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Coming Out Proud in Support of Mental Health

Coming Out Proud in Support of Mental HealthThe stigma of mental illness remains a stubborn problem for those seeking recovery. Public stigma prevents people from achieving rightful life goals: for example, employers buying into the stereotypes choose not to hire people labeled “mentally ill;” landlords decide not to rent to them.

Self stigma — internalizing these stereotypes so people believe themselves unworthy or unable — leads to a “why try” effect. “Why try seek a job? Someone like me can’t handle it.”

Unfortunately, stigma does not seem to be improving despite evidence that the Western world is more educated about causes of mental illness than any time in history.

Contact is an effective approach to stigma change. “Contact” involves people with lived experience sharing their illness, recovery, and accomplishments to strategically-targeted groups including employers, landlords, police officers, health care providers, legislators, and faith-based community leaders. This means people need to disclose their experiences with mental illness and the health care system — come out, as it were — a courageous decision given the prejudice and discrimination it risks.

However, people who come out typically experience less self-stigma and a greater sense of personal empowerment. Hence, coming out has the potential of a double whammy: decreasing public stigma by helping the population appreciate the lives of people with mental illness while also diminishing self-stigma.

Coming out has value for the person struggling with mental illness. Would we say, however, that it is proud? And if yes, would we call the mental illness, or “surviving” the mental illness, the source of pride? Pride and identity have been understood by distinguishing accomplishment (“This is what I did”) from being (“This is who I am”).

On one hand, people experience pride in achieving a standard recognized by their culture (e.g., a medal for the long-distance runner or a college degree for the person challenged by psychiatric disabilities) or set by themselves (e.g., a personal best running time or meeting a course deadline when experiencing a recurrence of depression). In these examples, it seems to be overcoming the challenges of mental illness that lead to identity pride, an experience not to be minimized. There may be benefit as a person attains some sense of agency along with symptoms and disabilities; i.e., decision and self-determination in the ground of mental illness is an identity that yields self-esteem and self-worth about which a person might be proud.

Pride also emerges from a sense of “who” one is. Ethnic pride is a clear example: “I am Irish-American” does not suggest any accomplishment per se but rather satisfaction at the recognition of my heritage, an additional answer to the person’s search to understand, “Who am I?”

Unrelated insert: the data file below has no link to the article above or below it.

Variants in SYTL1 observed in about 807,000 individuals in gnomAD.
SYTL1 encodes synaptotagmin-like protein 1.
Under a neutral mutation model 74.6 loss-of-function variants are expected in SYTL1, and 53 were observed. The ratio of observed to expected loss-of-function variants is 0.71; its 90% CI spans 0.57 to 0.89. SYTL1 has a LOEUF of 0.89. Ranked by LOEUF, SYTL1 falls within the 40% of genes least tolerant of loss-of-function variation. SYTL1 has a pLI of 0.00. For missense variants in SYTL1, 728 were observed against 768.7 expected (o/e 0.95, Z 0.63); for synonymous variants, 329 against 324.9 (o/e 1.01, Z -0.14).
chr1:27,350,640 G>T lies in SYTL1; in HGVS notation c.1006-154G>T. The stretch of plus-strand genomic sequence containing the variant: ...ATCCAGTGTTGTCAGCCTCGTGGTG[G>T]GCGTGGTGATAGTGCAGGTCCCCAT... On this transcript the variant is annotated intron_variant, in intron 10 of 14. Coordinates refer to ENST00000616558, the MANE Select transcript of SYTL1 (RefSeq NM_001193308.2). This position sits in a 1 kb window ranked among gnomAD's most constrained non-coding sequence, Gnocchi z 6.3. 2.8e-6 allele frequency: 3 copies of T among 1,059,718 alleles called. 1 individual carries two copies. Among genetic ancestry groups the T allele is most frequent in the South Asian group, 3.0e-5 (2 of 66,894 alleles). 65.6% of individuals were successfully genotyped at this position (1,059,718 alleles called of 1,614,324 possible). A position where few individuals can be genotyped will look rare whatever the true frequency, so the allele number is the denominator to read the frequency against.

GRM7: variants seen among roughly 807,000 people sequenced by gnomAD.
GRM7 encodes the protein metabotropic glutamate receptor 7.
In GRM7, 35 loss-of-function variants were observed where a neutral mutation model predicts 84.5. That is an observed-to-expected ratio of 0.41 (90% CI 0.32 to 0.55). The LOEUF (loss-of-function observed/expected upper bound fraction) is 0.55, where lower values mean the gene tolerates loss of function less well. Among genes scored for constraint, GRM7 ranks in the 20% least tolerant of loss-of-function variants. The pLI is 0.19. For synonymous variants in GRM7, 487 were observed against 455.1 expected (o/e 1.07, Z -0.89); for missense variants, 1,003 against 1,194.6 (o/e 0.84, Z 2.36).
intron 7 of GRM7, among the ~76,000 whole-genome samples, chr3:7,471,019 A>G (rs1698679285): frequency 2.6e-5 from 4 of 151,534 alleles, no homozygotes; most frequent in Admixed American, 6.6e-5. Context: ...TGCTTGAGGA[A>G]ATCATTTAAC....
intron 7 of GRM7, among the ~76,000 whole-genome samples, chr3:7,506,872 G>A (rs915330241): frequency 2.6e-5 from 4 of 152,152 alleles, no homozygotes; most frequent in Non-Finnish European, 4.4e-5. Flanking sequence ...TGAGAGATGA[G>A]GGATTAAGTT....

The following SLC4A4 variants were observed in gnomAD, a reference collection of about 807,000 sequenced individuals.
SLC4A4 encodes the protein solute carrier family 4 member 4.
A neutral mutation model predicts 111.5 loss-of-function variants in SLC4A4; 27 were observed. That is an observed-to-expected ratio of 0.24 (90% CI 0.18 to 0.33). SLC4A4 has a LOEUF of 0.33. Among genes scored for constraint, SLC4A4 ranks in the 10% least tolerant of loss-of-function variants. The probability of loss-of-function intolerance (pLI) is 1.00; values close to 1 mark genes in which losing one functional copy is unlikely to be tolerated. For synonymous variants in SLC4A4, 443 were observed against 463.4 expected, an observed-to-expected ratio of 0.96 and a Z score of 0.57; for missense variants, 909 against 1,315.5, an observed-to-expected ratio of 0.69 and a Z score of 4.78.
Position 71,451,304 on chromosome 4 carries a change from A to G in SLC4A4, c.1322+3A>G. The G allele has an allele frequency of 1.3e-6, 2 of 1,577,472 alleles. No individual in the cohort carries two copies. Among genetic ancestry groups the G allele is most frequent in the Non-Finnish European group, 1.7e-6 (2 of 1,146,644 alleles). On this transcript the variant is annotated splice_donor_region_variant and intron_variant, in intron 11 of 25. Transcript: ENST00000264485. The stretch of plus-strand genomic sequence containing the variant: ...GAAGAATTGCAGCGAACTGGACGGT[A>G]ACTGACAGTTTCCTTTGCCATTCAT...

We would argue that this latter phenomenon explains mental illness as an identity in which a person might also be proud. For some people, “I am a person with mental illness” defines much of their daily lived experience. This kind of identity promotes authenticity, a recognition of one’s internal conceptualizations in the face of an imposing world. Authentic people have pride in their authenticity.

Toward this end, we have been working with colleagues from Australia, Canada, and Europe to develop a Coming out Proud program. Its goals can be discerned from the program’s three lessons and corresponding learning points:

  1. Considering the Pros and Cons of Disclosing:
    • My identity and mental illness.
    • Secrets are part of life.
    • Weighing the costs and benefits of disclosing.
  2. Different Strategies for Disclosure:
    • Five ways to come out.
    • Testing a person for disclosure.
    • How might others respond to my disclosure?
  3. Telling your Story:
    • How to tell a personally meaningful story.
    • Who are peers who might help me with coming out?
    • Review how telling my story felt.
    • Putting it all together to move forward.

Coming Out Proud entails three 2-hour sessions conducted by two trained facilitators with lived experience, typically for groups of five to ten peers. The program and workbook may be downloaded for free from the Resources page of the National Consortium on Stigma and Empowerment.

Additional Resources

Coming Out Proud Manual (PDF)

Coming Out Proud Workbook (PDF)

Coming Out Proud in Support of Mental Health

Patrick Corrigan

Patrick Corrigan is distinguished professor of psychology at the Illinois Institute of Technology and principal investigator of the National Consortium on Stigma and Empowerment, funded by the National Institutes of Mental Health.

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APA Reference
Corrigan, P. (2018). Coming Out Proud in Support of Mental Health. Psych Central. Retrieved on September 28, 2020, from
Scientifically Reviewed
Last updated: 8 Jul 2018 (Originally: 10 Oct 2012)
Last reviewed: By a member of our scientific advisory board on 8 Jul 2018
Published on Psych All rights reserved.